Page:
Meet the trekkers who helped raise over £50,000 for The Hygiene Bank

Meet the trekkers who helped raise over £50,000 for The Hygiene Bank


The sun was shining, spirits were high and social distancing firmly in place last Saturday as nearly 60 Lifeline trekkers set off to take on 10 of London’s hidden ‘peaks’.

Covering 26-miles of beautiful woodland, fields and even the odd golf course – along with a few busy roads along the way – it took most between nine and 10 hours to complete the walk, which was in aid of The Hygiene Bank.

Due to the new ‘rule of six’ trekkers were separated into small teams, depending on experience and speed, before they embarked on the London 10 Peaks challenge.

Among them were readers, charity volunteers and celebs Charlie Webster (who was one of the first to finish after completing the walk in just eight hours!), Vicky Pattison and ambassador for The Hygiene Bank, Meg Mathews.

While there were blisters galore by the time most reached the finish line, it didn’t dampen any smiles as each person picked up their well-deserved medal from trek organisers Charity Challenge.

Speaking after the event, which coincided with National Hygiene Week, Holly Crook said she decided to sign up after a severe netball accident last year that required knee reconstruction.

‘I thought it would be a great way of both raising money for a very worthwhile charity, as well as personally challenging myself a year on from not being able to walk unaided,’ she explained. 

‘The last 10km were definitely the hardest, and reaching the top of the 10th peak was such a great feeling.

‘When I finished it was fairly emotional thinking about how far I had come from being on crutches just 10 months previous. But knowing as a group how much we’re raising for The Hygiene Bank makes any pain I was in so worth it.’

Being part of the trek was an honour, according to Tasha Thompson – although she admits that she was apprehensive beforehand.

‘But there was no need,’ she said. ‘Everyone was absolutely lovely and I was in a really great group.

‘I expected there to be many lows, to feel fed up and to want to know “are we there yet?”. But I didn’t have any dips in enthusiasm as the banter of our group, along with the snacks we shared and the breathtakingly beautiful scenery, got me through it.’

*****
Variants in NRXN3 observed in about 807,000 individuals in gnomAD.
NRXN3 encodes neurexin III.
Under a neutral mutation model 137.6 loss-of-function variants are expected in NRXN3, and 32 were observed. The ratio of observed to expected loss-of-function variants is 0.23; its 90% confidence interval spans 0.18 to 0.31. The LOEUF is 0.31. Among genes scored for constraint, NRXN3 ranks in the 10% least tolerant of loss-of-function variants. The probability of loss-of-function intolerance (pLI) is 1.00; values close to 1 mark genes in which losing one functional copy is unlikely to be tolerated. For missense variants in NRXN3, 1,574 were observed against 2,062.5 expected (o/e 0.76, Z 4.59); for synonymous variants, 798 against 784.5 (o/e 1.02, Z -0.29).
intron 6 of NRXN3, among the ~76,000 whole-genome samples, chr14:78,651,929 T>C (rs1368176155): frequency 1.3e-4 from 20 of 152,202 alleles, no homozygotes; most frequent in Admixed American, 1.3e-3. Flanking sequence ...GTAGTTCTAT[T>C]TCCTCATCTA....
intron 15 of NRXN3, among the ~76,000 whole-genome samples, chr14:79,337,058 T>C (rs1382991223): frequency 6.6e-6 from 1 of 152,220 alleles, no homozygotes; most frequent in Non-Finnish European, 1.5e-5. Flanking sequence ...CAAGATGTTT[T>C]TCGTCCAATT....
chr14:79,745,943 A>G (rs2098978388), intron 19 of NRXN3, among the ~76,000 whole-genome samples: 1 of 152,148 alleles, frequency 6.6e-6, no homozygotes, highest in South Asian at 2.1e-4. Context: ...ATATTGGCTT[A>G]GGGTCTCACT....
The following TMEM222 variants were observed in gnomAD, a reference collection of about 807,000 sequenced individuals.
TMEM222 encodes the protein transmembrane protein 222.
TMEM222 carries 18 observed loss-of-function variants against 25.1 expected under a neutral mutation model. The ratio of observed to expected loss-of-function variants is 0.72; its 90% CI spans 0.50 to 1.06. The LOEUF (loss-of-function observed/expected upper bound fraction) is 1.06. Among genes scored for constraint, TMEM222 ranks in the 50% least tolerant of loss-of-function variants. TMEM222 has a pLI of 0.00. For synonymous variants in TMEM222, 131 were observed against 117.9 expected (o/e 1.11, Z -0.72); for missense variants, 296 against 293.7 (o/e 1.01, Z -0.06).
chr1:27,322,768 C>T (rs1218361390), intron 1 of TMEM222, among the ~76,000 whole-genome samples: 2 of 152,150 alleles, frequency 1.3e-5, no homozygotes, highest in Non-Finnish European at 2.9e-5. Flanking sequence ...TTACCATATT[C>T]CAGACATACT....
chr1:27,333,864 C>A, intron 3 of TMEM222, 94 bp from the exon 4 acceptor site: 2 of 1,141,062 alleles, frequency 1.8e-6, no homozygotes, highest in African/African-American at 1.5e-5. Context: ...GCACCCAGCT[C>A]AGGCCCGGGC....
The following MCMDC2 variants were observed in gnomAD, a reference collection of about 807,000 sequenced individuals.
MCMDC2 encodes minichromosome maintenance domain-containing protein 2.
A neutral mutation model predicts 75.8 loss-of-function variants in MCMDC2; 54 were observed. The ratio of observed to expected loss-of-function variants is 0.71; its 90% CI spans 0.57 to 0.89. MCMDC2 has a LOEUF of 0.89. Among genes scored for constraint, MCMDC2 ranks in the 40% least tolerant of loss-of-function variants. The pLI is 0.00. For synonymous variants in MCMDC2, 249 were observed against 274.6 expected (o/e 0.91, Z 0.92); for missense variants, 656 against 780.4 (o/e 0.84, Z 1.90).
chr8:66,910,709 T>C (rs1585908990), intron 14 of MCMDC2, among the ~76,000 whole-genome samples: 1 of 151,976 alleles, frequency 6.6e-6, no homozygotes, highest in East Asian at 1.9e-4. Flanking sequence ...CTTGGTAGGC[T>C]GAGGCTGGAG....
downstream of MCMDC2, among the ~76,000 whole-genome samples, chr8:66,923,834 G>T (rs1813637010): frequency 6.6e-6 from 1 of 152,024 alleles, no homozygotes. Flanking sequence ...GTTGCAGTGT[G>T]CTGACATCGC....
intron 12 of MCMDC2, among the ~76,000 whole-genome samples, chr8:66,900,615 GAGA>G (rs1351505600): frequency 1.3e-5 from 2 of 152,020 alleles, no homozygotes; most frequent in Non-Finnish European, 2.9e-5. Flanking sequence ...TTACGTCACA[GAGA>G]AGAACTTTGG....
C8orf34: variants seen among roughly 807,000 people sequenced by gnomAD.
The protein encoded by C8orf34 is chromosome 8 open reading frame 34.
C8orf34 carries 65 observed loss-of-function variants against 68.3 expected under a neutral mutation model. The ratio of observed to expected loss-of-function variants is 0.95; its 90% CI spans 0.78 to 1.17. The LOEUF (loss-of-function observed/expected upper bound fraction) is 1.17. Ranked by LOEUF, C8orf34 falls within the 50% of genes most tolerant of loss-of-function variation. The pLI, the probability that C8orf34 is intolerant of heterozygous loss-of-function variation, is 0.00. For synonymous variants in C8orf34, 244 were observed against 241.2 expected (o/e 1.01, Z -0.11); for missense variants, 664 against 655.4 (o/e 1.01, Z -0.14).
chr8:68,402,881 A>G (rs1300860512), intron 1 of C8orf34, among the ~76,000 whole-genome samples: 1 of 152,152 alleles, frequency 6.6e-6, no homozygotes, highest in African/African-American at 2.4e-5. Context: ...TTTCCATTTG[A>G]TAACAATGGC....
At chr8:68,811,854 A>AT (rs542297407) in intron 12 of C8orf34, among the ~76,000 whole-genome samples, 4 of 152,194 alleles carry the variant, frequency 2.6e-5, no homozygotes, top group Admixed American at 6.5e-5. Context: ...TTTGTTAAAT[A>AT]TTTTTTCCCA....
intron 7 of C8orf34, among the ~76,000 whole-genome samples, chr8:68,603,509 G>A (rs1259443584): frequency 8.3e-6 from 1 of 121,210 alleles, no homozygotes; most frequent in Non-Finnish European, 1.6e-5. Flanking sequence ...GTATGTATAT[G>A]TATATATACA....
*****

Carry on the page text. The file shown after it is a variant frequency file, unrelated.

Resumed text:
Fellow trekker Alex Scott-Ruddock added that despite suffering blisters, cramps and having to get up at 3.45am to get to the start point for 6.30am, he’d do it all over again in a heartbeat.

‘I am very proud to have taken part in the event, to have completed it and helped raise so much money is brilliant,’ he says.

‘My body is still tired and sore, as I have a dodgy back and started to struggle around the 20-mile mark from blisters and leg cramps.

‘When I finally finished I felt such relief and despite being the last person over the line, I was still 90 minutes ahead of when the final group was expected in, so that gave some joy too!’

It was a Facebook post that made Suzie Vale sign up earlier this year, after she saw old primary school friend, Jessica Moore, who volunteers for the charity, write about it on her page.

‘I hadn’t seen Jess for 30 years, but went for it anyway,’ she says. ‘After the walk, she’s no longer just a FB friend, but one in real life too!’

And despite not knowing any of her trek group thanks to the ‘rule of six’, Suzie says conversation never stopped.

‘They were fantastic,’ she says. ‘Such a diverse range, from a student who instigated The Hygiene Bank in her area to a jewellery expert and warehouse staff for British Heart Foundation. Everyone was there for very different reasons and we all helped each other along.’

Although the deadline for donations is still over two weeks away, so far our amazing trekkers have raised a jaw-dropping £50,800 for the charity.

‘What a way to finish the nation’s first ever National Hygiene Week with a marathon trek across north London with 54 other amazing people, all raising vital funds for families and school children across the UK,’ says Tom Poynter, Chair of The Hygiene Bank.

‘With our socially distanced teams of six, it was wonderful to enjoy a beautiful day’s walking whilst discussing the impact of hygiene poverty and how we can all make a positive difference to people less fortunate.

‘The day was brilliantly organised by Tom and the crew at Charity Challenge and I personally thank the Lifeline team for working with The Hygiene Bank to bring the event together so successfully.

‘Although National Hygiene Week and the trek is now finished for 2020, our work continues,’ Tom adds.

‘We expect that there will be even more people falling into poverty as a result of the pandemic so please continue to support us by donating funds to The Hygiene Bank, or by donating hygiene products.’

For more information on The Hygiene Bank click here.

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